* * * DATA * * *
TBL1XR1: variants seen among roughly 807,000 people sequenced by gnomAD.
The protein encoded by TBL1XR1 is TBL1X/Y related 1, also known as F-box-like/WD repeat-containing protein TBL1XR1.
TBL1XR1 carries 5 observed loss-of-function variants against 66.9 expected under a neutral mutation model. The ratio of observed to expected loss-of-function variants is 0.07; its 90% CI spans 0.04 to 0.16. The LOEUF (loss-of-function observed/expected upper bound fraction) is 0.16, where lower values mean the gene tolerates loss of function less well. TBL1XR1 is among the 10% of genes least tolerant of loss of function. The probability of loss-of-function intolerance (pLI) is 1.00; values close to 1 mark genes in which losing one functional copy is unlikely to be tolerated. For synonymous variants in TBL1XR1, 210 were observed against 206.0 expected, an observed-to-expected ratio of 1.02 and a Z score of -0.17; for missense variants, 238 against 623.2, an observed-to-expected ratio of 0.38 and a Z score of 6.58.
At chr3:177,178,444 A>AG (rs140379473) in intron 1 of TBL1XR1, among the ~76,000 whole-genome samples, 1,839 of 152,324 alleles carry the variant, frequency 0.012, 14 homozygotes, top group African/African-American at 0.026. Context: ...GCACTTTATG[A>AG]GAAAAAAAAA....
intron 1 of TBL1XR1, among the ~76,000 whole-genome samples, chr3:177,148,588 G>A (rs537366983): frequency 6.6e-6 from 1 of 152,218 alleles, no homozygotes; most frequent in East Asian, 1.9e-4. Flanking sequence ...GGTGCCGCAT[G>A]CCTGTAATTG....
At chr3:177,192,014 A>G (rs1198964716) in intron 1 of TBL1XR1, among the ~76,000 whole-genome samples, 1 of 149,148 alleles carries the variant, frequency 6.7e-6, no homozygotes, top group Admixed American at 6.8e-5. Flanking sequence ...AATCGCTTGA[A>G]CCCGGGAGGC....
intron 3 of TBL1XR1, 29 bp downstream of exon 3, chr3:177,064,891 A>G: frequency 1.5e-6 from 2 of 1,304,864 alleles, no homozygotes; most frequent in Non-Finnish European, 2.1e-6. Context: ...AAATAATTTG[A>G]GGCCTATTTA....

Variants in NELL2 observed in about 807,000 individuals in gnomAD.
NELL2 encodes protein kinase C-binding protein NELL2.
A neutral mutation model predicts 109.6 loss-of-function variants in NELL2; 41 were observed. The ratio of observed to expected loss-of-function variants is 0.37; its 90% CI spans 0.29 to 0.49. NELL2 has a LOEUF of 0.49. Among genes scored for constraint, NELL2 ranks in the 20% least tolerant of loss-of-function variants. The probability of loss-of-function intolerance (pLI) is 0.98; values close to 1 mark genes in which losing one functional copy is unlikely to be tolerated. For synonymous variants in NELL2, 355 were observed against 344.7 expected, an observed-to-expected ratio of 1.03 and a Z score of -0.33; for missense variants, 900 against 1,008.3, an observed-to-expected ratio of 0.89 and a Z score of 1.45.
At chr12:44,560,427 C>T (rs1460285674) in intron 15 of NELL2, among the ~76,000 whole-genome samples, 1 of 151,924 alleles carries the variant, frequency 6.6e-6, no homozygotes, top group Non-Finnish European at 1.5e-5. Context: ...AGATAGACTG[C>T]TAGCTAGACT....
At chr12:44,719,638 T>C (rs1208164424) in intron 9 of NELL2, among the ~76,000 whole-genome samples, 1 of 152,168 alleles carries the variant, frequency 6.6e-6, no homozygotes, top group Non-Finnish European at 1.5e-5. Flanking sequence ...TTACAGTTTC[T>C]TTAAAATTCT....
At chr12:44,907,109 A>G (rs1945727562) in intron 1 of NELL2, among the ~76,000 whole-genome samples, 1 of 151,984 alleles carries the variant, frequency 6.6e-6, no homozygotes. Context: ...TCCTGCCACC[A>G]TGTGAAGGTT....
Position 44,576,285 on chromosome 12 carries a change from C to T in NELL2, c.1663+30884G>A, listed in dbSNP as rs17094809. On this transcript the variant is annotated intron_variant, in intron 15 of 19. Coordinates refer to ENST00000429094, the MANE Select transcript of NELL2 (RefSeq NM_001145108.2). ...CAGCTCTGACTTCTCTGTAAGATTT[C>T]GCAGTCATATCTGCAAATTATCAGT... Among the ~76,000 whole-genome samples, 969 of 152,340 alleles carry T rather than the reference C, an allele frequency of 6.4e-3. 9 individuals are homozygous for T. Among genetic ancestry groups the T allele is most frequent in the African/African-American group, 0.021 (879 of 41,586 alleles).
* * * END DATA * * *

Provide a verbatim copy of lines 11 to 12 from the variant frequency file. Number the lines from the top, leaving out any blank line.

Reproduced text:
At chr12:44,560,427 C>T (rs1460285674) in intron 15 of NELL2, among the ~76,000 whole-genome samples, 1 of 151,924 alleles carries the variant, frequency 6.6e-6, no homozygotes, top group Non-Finnish European at 1.5e-5. Context: ...AGATAGACTG[C>T]TAGCTAGACT....
At chr12:44,719,638 T>C (rs1208164424) in intron 9 of NELL2, among the ~76,000 whole-genome samples, 1 of 152,168 alleles carries the variant, frequency 6.6e-6, no homozygotes, top group Non-Finnish European at 1.5e-5. Flanking sequence ...TTACAGTTTC[T>C]TTAAAATTCT....